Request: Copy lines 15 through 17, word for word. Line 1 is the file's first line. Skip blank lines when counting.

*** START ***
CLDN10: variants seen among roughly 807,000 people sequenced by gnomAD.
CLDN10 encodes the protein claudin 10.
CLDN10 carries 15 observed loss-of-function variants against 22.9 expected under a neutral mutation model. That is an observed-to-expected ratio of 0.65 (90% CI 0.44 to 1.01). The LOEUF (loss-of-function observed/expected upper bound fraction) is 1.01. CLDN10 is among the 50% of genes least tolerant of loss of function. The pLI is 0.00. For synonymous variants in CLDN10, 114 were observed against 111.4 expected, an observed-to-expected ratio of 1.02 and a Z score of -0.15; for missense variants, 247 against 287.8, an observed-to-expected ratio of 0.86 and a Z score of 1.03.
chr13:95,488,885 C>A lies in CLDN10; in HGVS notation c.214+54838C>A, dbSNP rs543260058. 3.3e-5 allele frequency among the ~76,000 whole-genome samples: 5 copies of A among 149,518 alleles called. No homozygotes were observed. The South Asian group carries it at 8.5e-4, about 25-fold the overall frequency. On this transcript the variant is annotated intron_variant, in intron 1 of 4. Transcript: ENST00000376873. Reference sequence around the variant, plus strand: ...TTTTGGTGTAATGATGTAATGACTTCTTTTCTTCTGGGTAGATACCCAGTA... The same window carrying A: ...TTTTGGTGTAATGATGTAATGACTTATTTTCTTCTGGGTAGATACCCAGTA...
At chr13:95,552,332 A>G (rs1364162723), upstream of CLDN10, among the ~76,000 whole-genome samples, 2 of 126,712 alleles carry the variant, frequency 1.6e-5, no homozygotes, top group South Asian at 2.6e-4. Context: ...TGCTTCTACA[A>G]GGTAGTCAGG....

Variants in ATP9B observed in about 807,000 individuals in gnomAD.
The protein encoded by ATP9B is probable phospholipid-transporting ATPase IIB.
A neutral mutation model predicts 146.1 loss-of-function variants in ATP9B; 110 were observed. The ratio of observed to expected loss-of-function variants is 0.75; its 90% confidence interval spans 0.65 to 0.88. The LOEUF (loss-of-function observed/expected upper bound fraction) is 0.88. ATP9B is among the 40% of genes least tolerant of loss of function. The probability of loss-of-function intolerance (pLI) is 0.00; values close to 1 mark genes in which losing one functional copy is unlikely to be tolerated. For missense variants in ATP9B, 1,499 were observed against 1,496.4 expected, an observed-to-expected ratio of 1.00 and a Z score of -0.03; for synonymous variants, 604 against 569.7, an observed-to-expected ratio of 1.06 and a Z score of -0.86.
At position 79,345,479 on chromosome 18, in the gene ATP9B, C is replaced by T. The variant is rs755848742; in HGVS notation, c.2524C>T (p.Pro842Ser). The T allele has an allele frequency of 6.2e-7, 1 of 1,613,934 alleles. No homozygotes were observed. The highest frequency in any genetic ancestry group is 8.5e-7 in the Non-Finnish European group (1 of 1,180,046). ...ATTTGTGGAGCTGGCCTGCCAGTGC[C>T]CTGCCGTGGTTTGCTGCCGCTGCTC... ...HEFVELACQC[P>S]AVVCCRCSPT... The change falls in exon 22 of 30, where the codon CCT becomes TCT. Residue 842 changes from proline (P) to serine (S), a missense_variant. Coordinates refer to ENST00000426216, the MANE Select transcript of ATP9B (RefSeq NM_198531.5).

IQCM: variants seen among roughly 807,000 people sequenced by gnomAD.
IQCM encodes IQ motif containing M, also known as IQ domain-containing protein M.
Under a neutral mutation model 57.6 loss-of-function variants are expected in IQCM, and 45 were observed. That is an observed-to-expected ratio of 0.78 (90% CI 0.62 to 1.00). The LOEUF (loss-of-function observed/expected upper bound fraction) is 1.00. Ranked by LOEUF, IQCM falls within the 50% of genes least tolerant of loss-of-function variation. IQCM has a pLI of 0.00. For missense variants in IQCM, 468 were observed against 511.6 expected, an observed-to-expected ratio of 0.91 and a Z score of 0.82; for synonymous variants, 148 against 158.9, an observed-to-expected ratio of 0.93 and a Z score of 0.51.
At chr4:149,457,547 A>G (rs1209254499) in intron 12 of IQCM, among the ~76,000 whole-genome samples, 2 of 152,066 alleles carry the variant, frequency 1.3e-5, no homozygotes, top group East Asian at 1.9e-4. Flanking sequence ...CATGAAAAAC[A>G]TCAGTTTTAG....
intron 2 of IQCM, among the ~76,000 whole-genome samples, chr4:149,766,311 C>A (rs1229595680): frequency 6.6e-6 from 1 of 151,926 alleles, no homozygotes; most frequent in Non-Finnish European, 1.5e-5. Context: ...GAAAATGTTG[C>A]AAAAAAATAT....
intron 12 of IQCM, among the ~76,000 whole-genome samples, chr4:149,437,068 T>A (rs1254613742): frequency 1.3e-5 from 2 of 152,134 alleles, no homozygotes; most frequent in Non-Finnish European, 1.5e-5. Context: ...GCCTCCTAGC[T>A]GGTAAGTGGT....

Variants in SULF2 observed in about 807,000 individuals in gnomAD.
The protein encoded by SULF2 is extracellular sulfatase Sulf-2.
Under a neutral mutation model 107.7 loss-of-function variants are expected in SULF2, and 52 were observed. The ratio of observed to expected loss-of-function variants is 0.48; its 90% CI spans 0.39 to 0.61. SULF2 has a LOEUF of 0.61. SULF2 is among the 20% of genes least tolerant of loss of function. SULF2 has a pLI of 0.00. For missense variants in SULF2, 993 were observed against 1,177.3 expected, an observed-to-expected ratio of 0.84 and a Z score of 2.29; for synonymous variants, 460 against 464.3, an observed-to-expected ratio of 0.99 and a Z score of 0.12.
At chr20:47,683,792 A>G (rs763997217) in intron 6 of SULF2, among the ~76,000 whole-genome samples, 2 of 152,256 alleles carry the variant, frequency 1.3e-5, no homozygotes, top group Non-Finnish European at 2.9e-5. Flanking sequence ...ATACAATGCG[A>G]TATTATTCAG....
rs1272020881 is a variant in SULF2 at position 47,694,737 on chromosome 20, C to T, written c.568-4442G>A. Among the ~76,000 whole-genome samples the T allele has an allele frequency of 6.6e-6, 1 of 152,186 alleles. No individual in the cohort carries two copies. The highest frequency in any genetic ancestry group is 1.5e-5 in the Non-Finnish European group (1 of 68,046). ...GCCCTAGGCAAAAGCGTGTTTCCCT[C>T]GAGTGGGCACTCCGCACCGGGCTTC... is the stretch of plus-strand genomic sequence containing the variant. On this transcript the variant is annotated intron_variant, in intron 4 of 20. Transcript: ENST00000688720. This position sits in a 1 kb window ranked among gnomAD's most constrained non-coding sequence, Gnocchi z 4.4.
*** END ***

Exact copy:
intron 12 of IQCM, among the ~76,000 whole-genome samples, chr4:149,437,068 T>A (rs1254613742): frequency 1.3e-5 from 2 of 152,134 alleles, no homozygotes; most frequent in Non-Finnish European, 1.5e-5. Context: ...GCCTCCTAGC[T>A]GGTAAGTGGT....

Variants in SULF2 observed in about 807,000 individuals in gnomAD.
The protein encoded by SULF2 is extracellular sulfatase Sulf-2.